Question Your World: How Does the Moon Impact Mangroves?
In the past, the impacts of the Moon have been attributed to far-fetched ideas like experiencing lunacy, werewolf-ism and other related myths. In reality though, the impacts of the Moon have been studied for years on topics such as animal migrations, how some trees and plants grow, and in the most common for our purposes today, the tides. Now a recently published paper is sharing some pretty cool insight on the relationship between the tides, mangrove canopy and the Moon’s naturally occurring wobble. So, let's dive into the answer to this stellar science question: how does the Moon impact mangroves?
First let’s chat about this wobble. The Moon’s orbit is tilted 5 degrees from the plane of the Earth’s orbit around the Sun. That tilt is enough to cause a lot of dynamic astronomical phenomena. The Earth is not an exact sphere, and thus at varying times during its orbit, the Moon will be impacted by Earth’s non-uniform gravitational field. This causes something called nodal precession, where the orbital plane of the Moon wobbles back and forth like a spinning top.
This shift in the Moon’s orbit impacts the timing of eclipses and influences the extremes of ocean tides, pushing high tides higher and low tides lower and vice versa. This nodal precession cycles every 18.6 years, moving from one extreme to the other and back again.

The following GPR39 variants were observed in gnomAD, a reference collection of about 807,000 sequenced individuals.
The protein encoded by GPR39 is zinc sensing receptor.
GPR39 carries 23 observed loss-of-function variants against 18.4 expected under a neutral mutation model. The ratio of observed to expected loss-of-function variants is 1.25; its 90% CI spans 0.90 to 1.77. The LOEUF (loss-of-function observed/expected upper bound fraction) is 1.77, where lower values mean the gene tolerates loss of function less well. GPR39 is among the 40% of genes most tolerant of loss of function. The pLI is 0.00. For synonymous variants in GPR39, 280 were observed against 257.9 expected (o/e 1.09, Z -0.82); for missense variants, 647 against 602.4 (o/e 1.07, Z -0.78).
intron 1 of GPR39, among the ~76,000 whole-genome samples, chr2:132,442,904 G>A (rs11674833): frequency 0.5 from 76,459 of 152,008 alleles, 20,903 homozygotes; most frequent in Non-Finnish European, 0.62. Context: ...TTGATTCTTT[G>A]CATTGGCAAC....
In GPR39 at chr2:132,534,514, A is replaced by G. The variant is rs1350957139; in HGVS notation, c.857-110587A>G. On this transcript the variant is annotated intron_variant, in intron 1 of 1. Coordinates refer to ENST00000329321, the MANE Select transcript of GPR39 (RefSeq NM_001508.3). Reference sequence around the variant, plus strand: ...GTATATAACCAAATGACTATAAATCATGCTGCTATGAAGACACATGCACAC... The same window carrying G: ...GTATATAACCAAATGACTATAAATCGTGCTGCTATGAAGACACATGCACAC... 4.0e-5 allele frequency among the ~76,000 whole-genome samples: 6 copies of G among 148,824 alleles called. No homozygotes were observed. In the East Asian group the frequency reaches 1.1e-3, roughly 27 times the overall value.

Now, the other thing the nodal precession of the Moon is being linked to is the life and times of mangrove trees here on Earth! Mangroves are salt-water tolerant trees, often found along ocean coasts and inlets. These trees have roots that grow submerged in water and have evolved over time to grow even though the tides create dynamic growing conditions.
Tides and roots are at the heart of this newly published paper. Scientists looked at satellite data of some mangrove patches from 1987 to 2020 where they immediately noticed an oscillation of its canopy cover. These researchers observed the peak of canopy thickness coincided with the peak tidal phases influenced by the Moon’s wobble. On the other extreme, during the lowest tide phase of the Moon’s wobble, they observed that nearly 40 million trees had died off.
This is an extreme occurrence which is a result of the combined effect of lower tidal ranges from the lunar wobble, but also a drop in water near those particular trees attributed to the El Nino/La Nina southern oscillation, which has its own, totally different cycle (every 4-7 years or so) and different processes of bringing more or less rain to specific areas. These two aspects combined created a larger-than-normal drop in water levels at these mangroves, thus causing a substantial die-off among these trees in this particular region.
Considering that mangroves are vital ecosystems that act as nurseries for many species world wide and are important carbon sinks, this research helps shed more light on information regarding their vulnerability to extreme droughts and low tides. Currently the lunar wobble is in the low-tidal range phase. Not only is it still making news in the science world for this mangrove related research, but it's also giving scientists a chance to prepare for what could be possible when the wobble is in the higher tidal range phase.
Coastal flooding has been happening more frequently as ocean levels rise due to climate change. What will happen when the Moon is at the extreme high tidal range phase of it’s wobble? Are our coastlines properly prepared?
This study now opens the door to much more research and many more questions to ask in hopes of better understanding the relationship we share with the natural world around us here on Earth and beyond!